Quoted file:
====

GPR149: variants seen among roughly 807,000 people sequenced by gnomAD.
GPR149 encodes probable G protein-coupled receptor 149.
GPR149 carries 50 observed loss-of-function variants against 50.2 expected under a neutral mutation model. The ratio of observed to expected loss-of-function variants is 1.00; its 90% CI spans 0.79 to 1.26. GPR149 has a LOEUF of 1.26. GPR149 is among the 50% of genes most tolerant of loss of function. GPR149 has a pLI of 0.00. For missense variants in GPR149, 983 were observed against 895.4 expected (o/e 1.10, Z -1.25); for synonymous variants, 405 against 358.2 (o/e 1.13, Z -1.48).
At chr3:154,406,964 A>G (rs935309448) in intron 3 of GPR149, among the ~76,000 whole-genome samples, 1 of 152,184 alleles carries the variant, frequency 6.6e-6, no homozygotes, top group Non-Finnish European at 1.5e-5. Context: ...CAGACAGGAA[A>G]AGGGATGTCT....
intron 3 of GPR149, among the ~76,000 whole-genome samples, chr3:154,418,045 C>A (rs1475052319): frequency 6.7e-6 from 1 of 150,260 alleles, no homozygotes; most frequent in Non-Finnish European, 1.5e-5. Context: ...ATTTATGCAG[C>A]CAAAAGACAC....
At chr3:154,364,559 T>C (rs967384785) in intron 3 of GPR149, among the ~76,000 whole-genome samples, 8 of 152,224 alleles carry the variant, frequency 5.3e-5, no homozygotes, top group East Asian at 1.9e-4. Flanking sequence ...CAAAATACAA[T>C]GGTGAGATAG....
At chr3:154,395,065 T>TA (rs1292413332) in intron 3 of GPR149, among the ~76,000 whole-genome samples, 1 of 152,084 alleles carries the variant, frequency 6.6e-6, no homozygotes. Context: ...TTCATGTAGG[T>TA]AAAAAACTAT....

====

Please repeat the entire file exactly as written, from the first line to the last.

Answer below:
GPR149: variants seen among roughly 807,000 people sequenced by gnomAD.
GPR149 encodes probable G protein-coupled receptor 149.
GPR149 carries 50 observed loss-of-function variants against 50.2 expected under a neutral mutation model. The ratio of observed to expected loss-of-function variants is 1.00; its 90% CI spans 0.79 to 1.26. GPR149 has a LOEUF of 1.26. GPR149 is among the 50% of genes most tolerant of loss of function. GPR149 has a pLI of 0.00. For missense variants in GPR149, 983 were observed against 895.4 expected (o/e 1.10, Z -1.25); for synonymous variants, 405 against 358.2 (o/e 1.13, Z -1.48).
At chr3:154,406,964 A>G (rs935309448) in intron 3 of GPR149, among the ~76,000 whole-genome samples, 1 of 152,184 alleles carries the variant, frequency 6.6e-6, no homozygotes, top group Non-Finnish European at 1.5e-5. Context: ...CAGACAGGAA[A>G]AGGGATGTCT....
intron 3 of GPR149, among the ~76,000 whole-genome samples, chr3:154,418,045 C>A (rs1475052319): frequency 6.7e-6 from 1 of 150,260 alleles, no homozygotes; most frequent in Non-Finnish European, 1.5e-5. Context: ...ATTTATGCAG[C>A]CAAAAGACAC....
At chr3:154,364,559 T>C (rs967384785) in intron 3 of GPR149, among the ~76,000 whole-genome samples, 8 of 152,224 alleles carry the variant, frequency 5.3e-5, no homozygotes, top group East Asian at 1.9e-4. Flanking sequence ...CAAAATACAA[T>C]GGTGAGATAG....
At chr3:154,395,065 T>TA (rs1292413332) in intron 3 of GPR149, among the ~76,000 whole-genome samples, 1 of 152,084 alleles carries the variant, frequency 6.6e-6, no homozygotes. Context: ...TTCATGTAGG[T>TA]AAAAAACTAT....